Who is at Risk for Developing this Disease?

  • EH is an autosomal dominantly inherited skin disorder with variable penetrance, linked to chromosome 8p22-p23. Families in South Africa and Germany have been discribed; the disease has also been described in single patients in other countries. There is a strong evidence for the occurence of founder effect in the South Afican group of patients.
  • The prevalence of EH in South Africa among the Afrikaans-speaking Caucasoid population is 1 in 7000. The prevalence is lower in Germany and data suggests that the chromosomes involved do not have a common origin. Cases in other countries are thought to be a result of a spontaneous mutation.

Treatment Options

  • There is no effective treatment. Topical steroids and retinoids are of little or no effect and might aggravate it. Topical calciprotriol might have minimal effect. Although there is still no effective treatment, photodynamic therapy has a disease-modifying effect, but needs to be better understood. KWE remains a genetic and molecular riddle to be solved.
  • Urea, tars, antiperspirant ,and oral retinoid have been tried without success.
  • Moisturizers should be used freely. For periods of severe inflammation-red, elevated and itchy topical cortisone may be used for a short while. Therapy with a vitamin A derivative=neotigason may be considered in desperate circumstances. KWE tends to improve with age. There is no curative treatment.

Patient Management

  • Patients should be reminded that the disease may be aggravated by stress, a cold environment, or after a febrile illness. If possible, it would be best to avoid these conditions.
  • Genetic counseling is warranted.
  • It should also be explained that the disorder tends to improve with age.
  • Keratolytic winter erythema is not known to be life-threatening.

History:

  • KWE was first described as a unique and discrete skin disorder in 1977 by Wits dermatologist, Professor George Findlay. He noticed that it occurred in families and had a dominant mode of inheritance - i.e., on average, if a parent has the condition about half the children inherit it in every generation.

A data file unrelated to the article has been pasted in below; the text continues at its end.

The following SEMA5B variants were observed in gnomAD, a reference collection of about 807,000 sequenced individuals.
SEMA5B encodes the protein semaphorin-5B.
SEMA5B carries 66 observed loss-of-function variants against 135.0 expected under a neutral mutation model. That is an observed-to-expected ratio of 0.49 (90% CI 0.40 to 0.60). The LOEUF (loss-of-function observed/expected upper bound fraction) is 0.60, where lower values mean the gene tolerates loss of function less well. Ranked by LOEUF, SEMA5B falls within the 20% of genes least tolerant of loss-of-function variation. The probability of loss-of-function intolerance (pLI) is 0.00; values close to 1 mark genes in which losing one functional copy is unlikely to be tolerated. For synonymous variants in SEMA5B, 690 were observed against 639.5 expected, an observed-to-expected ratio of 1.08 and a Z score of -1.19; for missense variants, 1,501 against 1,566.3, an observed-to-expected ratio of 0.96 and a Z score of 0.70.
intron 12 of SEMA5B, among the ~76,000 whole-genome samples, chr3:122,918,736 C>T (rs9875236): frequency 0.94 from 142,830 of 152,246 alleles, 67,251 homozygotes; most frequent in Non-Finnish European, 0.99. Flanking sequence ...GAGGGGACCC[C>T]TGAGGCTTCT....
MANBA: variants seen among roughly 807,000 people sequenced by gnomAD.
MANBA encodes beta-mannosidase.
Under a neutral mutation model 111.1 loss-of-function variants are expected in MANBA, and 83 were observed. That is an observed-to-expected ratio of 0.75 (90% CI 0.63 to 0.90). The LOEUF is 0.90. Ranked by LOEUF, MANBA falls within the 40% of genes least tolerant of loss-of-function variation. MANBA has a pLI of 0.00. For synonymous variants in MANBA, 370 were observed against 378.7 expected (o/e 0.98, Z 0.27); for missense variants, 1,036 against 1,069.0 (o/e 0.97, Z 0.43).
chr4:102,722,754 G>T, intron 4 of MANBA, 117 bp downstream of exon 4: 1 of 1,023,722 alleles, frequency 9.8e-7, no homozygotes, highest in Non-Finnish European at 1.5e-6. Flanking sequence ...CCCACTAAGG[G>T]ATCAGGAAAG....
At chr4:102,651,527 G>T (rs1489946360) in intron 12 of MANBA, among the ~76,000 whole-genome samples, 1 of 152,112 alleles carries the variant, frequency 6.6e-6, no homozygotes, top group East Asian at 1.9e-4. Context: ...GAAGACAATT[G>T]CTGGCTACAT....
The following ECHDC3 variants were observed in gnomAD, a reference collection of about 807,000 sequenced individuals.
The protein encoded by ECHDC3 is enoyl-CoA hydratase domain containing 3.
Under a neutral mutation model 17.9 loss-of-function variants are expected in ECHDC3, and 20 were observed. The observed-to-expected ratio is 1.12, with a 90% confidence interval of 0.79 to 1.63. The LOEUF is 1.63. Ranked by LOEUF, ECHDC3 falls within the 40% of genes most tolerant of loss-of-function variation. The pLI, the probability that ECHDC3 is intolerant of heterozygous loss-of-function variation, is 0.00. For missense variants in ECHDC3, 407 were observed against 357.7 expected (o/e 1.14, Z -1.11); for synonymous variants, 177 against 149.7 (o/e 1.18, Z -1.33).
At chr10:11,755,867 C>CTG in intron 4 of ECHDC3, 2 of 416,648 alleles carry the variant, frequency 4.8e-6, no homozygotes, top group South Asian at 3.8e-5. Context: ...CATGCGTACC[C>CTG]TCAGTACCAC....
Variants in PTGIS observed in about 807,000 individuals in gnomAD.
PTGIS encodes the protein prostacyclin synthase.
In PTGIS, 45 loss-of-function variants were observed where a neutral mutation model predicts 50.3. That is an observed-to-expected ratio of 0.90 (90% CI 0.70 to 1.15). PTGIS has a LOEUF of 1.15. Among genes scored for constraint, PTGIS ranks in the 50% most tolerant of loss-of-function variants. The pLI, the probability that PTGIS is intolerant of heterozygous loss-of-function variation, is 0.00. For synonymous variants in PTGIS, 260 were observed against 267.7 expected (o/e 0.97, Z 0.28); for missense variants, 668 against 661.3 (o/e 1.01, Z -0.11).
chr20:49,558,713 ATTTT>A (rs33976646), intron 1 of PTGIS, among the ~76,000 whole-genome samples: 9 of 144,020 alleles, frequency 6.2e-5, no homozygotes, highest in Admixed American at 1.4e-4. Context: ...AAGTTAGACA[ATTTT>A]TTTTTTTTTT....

• Afrikaners are Afrikaans-language speakers descended from predominantly Dutch, German and French settlers, who arrived in South Africa in the 17th and 18th centuries. Afrikaners have a high risk for several genetic disorders, the best known being familial hypercholesterolaemia (inherited high cholesterol leading to heart attacks early in life) and porphyria (sensitivity of the skin to ultra-violet exposure and adverse reactions to specific drugs). Oudtshoorn is a town in the Western Cape province of South Africa where the disorder was present in large families.
  • Erythrokeratolysis hiemalis is described as a rare autosomal dominant genodermatosis as first reported from the Oudtshoorn district of Cape Provence in South Africa, among European immigrant families. Sporadic cases have since been identified in other countries, often with a familial link to the Oudtshoorn cluster.
  • These disorders are common because of founder mutations brought to South Africa by small groups of immigrants who settled in the Cape of Good Hope and whose descendants are now spread throughout the country. KWE is one of these less well-known founder genetic disorders.

For Further Reading: